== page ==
no sleep 'till….

Another record has fallen and this one is huge. And not surprisingly, set by a Frenchman. What’s in the water over there that produces these amazing offshore sailors? Last Tuesday Thomas Coville set off from New York in an attempt to break the single-handed Transatlantic record; eastbound. Unlike his fellow countryman Francis Joyon (who set a new Transatlantic record last week) Coville waited for the perfect weather window and when his team deemed it right he took off like a slingshot with the hope of a crossing in under five days.
Joyon’s time was just over five days. After 4 days, 11 hours, 10 minutes and 23 seconds Coville, aboard his massive trimaran Sodebo, passed Lizard Point on the west coast of England to claim the new record. An online video shows him communicating with the person posted to record the moment he crossed the imaginary line. The observer gives him his time and Coville bursts into tears. Can you imagine the emotion and fatigue that he must have experienced at that moment? Coville mentioned later that he had slept a total of four hours since leaving New York. “These boats are very powerful and we are on a razor’s edge the whole way,” Coville said, in somewhat of an understatement. His average speed was 28.35 knots; average. It’s no wonder he didn’t sleep.
I don’t think I need to gush on about what an accomplishment this is. I think you, dear reader, can only agree that it’s quite amazing. Instead want to tell you about Sodebo, the company that has sponsored Coville for the last 18 years. Sodebo is a French company that makes ready-to-eat foods such as frozen pizza, burgers, that sort of thing. It was founded in 1973 by a husband and wife team who, in the 90s when the company was making mostly just frozen pizza, decided that they wanted to grow their business by getting into the sailing space.  Sailing is big in France and the founders wanted to capitalize on that interest.
They put out a notice that they were going to sponsor a sailor and asked for people to send their in resume for consideration. I don’t know how many people applied but they settled on Thomas Coville. He was young, talented, a great communicator and (I am sure that this played a part in his selection) he was extremely good looking. A perfect package to wrap your brand around.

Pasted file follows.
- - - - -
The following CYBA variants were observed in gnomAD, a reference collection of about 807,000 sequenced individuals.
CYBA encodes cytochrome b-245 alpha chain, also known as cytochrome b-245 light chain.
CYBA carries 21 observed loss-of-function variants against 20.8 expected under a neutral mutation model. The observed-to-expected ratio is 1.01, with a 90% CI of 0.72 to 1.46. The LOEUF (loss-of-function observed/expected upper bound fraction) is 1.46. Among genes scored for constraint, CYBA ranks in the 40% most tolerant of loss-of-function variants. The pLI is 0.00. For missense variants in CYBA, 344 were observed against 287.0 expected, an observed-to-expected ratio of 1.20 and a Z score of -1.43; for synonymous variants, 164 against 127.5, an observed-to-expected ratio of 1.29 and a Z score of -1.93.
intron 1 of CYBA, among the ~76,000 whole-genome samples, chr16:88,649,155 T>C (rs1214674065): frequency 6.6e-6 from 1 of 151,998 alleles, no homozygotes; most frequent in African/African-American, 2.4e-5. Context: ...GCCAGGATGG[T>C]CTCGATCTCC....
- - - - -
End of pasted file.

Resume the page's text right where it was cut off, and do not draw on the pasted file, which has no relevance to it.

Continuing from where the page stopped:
The first race Coville won for his new sponsor was the Transat Jacques Vabre in 1999. The TJV is a double-handed race that goes from France to variously the Caribbean or points in South America. This was all in preparation for the 2000/01 Vendée Globe in which Coville came 6th.
I won’t list all of his accomplishments other than to say that he was aboard Groupama when they won the Volvo Ocean Race, he was the first sailor to cover more than 700 nautical miles in a 24-hour period, and he currently holds the fastest solo, non-stop circumnavigation. That lap of the planet was in an incredible 49 days, 3 hours, 7 minutes and 38 seconds.
 You have to wonder what’s next and if any of these very impressive records can be beaten. He is 49 years old and as most of us know, the bones start to creak a little once the big 50 is in the rearview mirror.  But then his biggest record setting rival, Francis Joyon, is 61 and still cranking so who knows? And what of that small frozen pizza company, the one whose founders decided to hitch their wagon to sailing? It’s now a massive multi-million dollar company.
Isn’t it about time some American companies saw the value in sailing and the value in the talent of some of our sailors and hitched up their wagon? I think so. Sailing is no longer a sport for the one percenters. It’s a global marketing opportunity that can reach the masses. So what about it, Jimmy Dean?
– Brian Hancock